If you think the time that your child spends with their other parent is harmful, then now is the time to consider seeking custody modification.
Under the law, you’re justified in seeking a custody change, which could include a shift in physical custody or a change in parenting time, when there’s been a material change in circumstances and a modification of the existing custody order is in the child’s best interests.
What constitutes a material change in circumstances? That’s going to depend on the facts at hand, but there are some common situations that tend to warrant a change in custody. Let’s take a closer look at some of them.
Circumstances that tend to warrant a custody modification
There are many situations that warrant a change in custody. Here are some of the most common, some of which might be applicable in your case:
- Substance abuse: Drug and alcohol abuse can pose a threat to your child and render a parent unable to meet their obligations. If your child is exposed to parental substance abuse, then they could exhibit behavioral problems, poor school performance, and mental health issues like anxiety and depression. So, if your child is being exposed to parental substance abuse, then start gathering evidence to show that abuse and how it’s negatively impacting your child.
- Physical or emotional abuse: Physical, verbal, and emotional abuse can have long-term ramifications for your child, disrupting their development and leading to several behavioral and social issues. In these instances, you need to modify custody to protect your child. You’ll need to prove that the abuse is occurring, though, which can be difficult and may require you to have testimony from someone who observed the abusive behavior.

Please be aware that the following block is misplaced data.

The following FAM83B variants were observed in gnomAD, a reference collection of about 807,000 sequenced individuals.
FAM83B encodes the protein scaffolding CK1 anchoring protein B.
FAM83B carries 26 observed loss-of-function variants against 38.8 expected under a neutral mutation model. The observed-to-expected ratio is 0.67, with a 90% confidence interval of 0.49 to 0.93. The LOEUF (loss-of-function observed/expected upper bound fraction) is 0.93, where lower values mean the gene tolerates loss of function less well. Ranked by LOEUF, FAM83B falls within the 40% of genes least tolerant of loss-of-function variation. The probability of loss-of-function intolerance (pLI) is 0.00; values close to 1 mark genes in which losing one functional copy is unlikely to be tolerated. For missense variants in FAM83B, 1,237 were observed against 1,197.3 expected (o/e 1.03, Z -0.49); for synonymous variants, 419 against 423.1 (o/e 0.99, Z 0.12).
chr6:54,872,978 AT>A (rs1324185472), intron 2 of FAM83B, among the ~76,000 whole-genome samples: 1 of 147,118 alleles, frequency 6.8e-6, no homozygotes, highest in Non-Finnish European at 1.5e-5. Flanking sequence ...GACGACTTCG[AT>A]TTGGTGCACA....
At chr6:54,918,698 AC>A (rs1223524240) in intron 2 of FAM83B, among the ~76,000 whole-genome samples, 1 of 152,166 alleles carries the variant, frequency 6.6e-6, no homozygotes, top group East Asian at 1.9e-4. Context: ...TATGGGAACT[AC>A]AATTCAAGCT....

- Declining physical health: Your child’s other parent must be able to physically care for your child. If they suffer from declining health that suddenly renders them unable to do so, then a modification may be warranted to ensure that your child receives appropriate care.
- Changed financial circumstances: A similar analysis can be conducted when the other parent’s financial positioning changes. The sudden loss of a job can render them unable to meet your child’s needs, thereby justifying a change in the existing custody arrangement.
- The child’s preferences: When your child reaches a certain age, their wishes are taken into consideration when making a child custody determination. A mere change in what they want is probably insufficient on its own to support a modification request, but it can be a supporting factor if you have another justifiable cause for modification.
- Failure to abide by the existing custody order: A demonstrated failure to abide by current custody orders can support a modification request. After all, the other parent’s unwillingness to meet the terms of the existing custody order is indicative of their inability to act in a way that supports your child’s best interests.
- Parental relocation: Depending on the circumstances, one parent’s move can be enough to change a custody order. It’s important to remember that the court is going to analyze how the relocation impacts the child, so you’ll want to focus your arguments here on the child’s best interests.
Be prepared to argue for the child custody modification that’s best for your child
The custody arrangement that’s in place for your child can have a tremendous impact on their future, touching everything from their physical and emotional well-being to their social development and their school performance.
If you’re worried about your current custody order, then now is the time to start assessing whether you have sufficient evidence to modify it in a way that better supports your child’s safety and well-being.